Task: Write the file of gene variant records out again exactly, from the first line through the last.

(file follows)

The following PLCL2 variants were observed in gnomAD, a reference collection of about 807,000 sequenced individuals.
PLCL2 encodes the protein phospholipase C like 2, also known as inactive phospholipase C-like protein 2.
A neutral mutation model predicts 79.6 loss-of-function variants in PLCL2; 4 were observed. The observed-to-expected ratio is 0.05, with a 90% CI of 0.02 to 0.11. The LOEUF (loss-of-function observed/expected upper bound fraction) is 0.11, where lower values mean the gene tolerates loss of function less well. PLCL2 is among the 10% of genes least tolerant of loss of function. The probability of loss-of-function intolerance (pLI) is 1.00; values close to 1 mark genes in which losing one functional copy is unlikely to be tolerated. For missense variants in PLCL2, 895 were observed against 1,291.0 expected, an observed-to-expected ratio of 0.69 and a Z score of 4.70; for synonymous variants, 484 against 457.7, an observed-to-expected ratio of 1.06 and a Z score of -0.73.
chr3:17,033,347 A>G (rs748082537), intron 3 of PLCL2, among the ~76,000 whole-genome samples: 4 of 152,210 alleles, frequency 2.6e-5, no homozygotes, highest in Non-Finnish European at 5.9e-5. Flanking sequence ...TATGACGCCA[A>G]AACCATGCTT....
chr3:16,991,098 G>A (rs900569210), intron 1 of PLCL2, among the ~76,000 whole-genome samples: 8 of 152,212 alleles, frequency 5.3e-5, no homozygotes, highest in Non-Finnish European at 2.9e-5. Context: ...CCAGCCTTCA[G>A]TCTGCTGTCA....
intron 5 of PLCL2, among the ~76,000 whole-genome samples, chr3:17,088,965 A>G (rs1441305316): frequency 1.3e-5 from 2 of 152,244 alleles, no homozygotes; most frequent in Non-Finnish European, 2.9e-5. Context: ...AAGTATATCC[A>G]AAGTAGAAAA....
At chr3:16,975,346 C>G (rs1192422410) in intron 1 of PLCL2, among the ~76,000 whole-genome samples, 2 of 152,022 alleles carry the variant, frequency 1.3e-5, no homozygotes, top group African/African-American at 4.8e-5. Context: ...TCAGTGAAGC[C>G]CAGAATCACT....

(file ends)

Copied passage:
The following PLCL2 variants were observed in gnomAD, a reference collection of about 807,000 sequenced individuals.
PLCL2 encodes the protein phospholipase C like 2, also known as inactive phospholipase C-like protein 2.
A neutral mutation model predicts 79.6 loss-of-function variants in PLCL2; 4 were observed. The observed-to-expected ratio is 0.05, with a 90% CI of 0.02 to 0.11. The LOEUF (loss-of-function observed/expected upper bound fraction) is 0.11, where lower values mean the gene tolerates loss of function less well. PLCL2 is among the 10% of genes least tolerant of loss of function. The probability of loss-of-function intolerance (pLI) is 1.00; values close to 1 mark genes in which losing one functional copy is unlikely to be tolerated. For missense variants in PLCL2, 895 were observed against 1,291.0 expected, an observed-to-expected ratio of 0.69 and a Z score of 4.70; for synonymous variants, 484 against 457.7, an observed-to-expected ratio of 1.06 and a Z score of -0.73.
chr3:17,033,347 A>G (rs748082537), intron 3 of PLCL2, among the ~76,000 whole-genome samples: 4 of 152,210 alleles, frequency 2.6e-5, no homozygotes, highest in Non-Finnish European at 5.9e-5. Flanking sequence ...TATGACGCCA[A>G]AACCATGCTT....
chr3:16,991,098 G>A (rs900569210), intron 1 of PLCL2, among the ~76,000 whole-genome samples: 8 of 152,212 alleles, frequency 5.3e-5, no homozygotes, highest in Non-Finnish European at 2.9e-5. Context: ...CCAGCCTTCA[G>A]TCTGCTGTCA....
intron 5 of PLCL2, among the ~76,000 whole-genome samples, chr3:17,088,965 A>G (rs1441305316): frequency 1.3e-5 from 2 of 152,244 alleles, no homozygotes; most frequent in Non-Finnish European, 2.9e-5. Context: ...AAGTATATCC[A>G]AAGTAGAAAA....
At chr3:16,975,346 C>G (rs1192422410) in intron 1 of PLCL2, among the ~76,000 whole-genome samples, 2 of 152,022 alleles carry the variant, frequency 1.3e-5, no homozygotes, top group African/African-American at 4.8e-5. Context: ...TCAGTGAAGC[C>G]CAGAATCACT....